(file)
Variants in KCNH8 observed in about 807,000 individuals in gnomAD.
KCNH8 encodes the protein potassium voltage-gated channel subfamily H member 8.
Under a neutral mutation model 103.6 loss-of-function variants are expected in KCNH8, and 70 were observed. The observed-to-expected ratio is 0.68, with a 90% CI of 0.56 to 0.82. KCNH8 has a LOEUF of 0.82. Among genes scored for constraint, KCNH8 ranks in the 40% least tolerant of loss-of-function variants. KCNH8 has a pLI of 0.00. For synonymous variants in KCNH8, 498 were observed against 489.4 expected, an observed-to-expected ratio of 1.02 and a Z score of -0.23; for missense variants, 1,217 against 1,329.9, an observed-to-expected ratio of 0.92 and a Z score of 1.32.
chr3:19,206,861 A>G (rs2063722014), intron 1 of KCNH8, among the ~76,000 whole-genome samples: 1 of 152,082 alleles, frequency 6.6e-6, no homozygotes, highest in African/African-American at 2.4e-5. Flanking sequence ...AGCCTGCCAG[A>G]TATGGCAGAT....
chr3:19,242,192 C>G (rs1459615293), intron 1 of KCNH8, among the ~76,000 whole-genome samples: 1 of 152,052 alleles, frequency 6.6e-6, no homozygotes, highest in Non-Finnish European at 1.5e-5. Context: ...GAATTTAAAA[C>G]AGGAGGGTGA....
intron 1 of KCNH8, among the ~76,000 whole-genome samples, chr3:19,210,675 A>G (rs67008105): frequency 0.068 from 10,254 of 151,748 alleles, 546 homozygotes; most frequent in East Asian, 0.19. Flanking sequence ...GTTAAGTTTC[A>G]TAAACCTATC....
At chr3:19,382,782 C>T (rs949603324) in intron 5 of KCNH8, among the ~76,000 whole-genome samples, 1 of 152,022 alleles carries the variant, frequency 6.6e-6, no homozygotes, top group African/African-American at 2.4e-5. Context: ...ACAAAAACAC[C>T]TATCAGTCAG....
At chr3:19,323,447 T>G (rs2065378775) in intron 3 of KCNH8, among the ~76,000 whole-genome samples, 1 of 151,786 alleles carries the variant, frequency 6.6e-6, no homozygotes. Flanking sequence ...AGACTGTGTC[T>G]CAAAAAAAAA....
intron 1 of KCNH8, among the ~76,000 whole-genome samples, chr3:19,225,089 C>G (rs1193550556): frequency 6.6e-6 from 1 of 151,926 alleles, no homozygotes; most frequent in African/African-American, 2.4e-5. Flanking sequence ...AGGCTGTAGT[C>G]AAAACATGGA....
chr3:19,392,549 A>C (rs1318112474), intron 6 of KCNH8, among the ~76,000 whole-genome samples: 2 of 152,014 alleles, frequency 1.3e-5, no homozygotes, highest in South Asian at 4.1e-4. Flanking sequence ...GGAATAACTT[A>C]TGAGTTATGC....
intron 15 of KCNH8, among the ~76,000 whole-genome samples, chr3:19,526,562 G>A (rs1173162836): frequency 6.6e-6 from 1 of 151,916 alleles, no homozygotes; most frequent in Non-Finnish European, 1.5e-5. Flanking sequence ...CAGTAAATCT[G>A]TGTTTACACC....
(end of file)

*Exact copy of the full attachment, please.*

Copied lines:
Variants in KCNH8 observed in about 807,000 individuals in gnomAD.
KCNH8 encodes the protein potassium voltage-gated channel subfamily H member 8.
Under a neutral mutation model 103.6 loss-of-function variants are expected in KCNH8, and 70 were observed. The observed-to-expected ratio is 0.68, with a 90% CI of 0.56 to 0.82. KCNH8 has a LOEUF of 0.82. Among genes scored for constraint, KCNH8 ranks in the 40% least tolerant of loss-of-function variants. KCNH8 has a pLI of 0.00. For synonymous variants in KCNH8, 498 were observed against 489.4 expected, an observed-to-expected ratio of 1.02 and a Z score of -0.23; for missense variants, 1,217 against 1,329.9, an observed-to-expected ratio of 0.92 and a Z score of 1.32.
chr3:19,206,861 A>G (rs2063722014), intron 1 of KCNH8, among the ~76,000 whole-genome samples: 1 of 152,082 alleles, frequency 6.6e-6, no homozygotes, highest in African/African-American at 2.4e-5. Flanking sequence ...AGCCTGCCAG[A>G]TATGGCAGAT....
chr3:19,242,192 C>G (rs1459615293), intron 1 of KCNH8, among the ~76,000 whole-genome samples: 1 of 152,052 alleles, frequency 6.6e-6, no homozygotes, highest in Non-Finnish European at 1.5e-5. Context: ...GAATTTAAAA[C>G]AGGAGGGTGA....
intron 1 of KCNH8, among the ~76,000 whole-genome samples, chr3:19,210,675 A>G (rs67008105): frequency 0.068 from 10,254 of 151,748 alleles, 546 homozygotes; most frequent in East Asian, 0.19. Flanking sequence ...GTTAAGTTTC[A>G]TAAACCTATC....
At chr3:19,382,782 C>T (rs949603324) in intron 5 of KCNH8, among the ~76,000 whole-genome samples, 1 of 152,022 alleles carries the variant, frequency 6.6e-6, no homozygotes, top group African/African-American at 2.4e-5. Context: ...ACAAAAACAC[C>T]TATCAGTCAG....
At chr3:19,323,447 T>G (rs2065378775) in intron 3 of KCNH8, among the ~76,000 whole-genome samples, 1 of 151,786 alleles carries the variant, frequency 6.6e-6, no homozygotes. Flanking sequence ...AGACTGTGTC[T>G]CAAAAAAAAA....
intron 1 of KCNH8, among the ~76,000 whole-genome samples, chr3:19,225,089 C>G (rs1193550556): frequency 6.6e-6 from 1 of 151,926 alleles, no homozygotes; most frequent in African/African-American, 2.4e-5. Flanking sequence ...AGGCTGTAGT[C>G]AAAACATGGA....
chr3:19,392,549 A>C (rs1318112474), intron 6 of KCNH8, among the ~76,000 whole-genome samples: 2 of 152,014 alleles, frequency 1.3e-5, no homozygotes, highest in South Asian at 4.1e-4. Flanking sequence ...GGAATAACTT[A>C]TGAGTTATGC....
intron 15 of KCNH8, among the ~76,000 whole-genome samples, chr3:19,526,562 G>A (rs1173162836): frequency 6.6e-6 from 1 of 151,916 alleles, no homozygotes; most frequent in Non-Finnish European, 1.5e-5. Flanking sequence ...CAGTAAATCT[G>A]TGTTTACACC....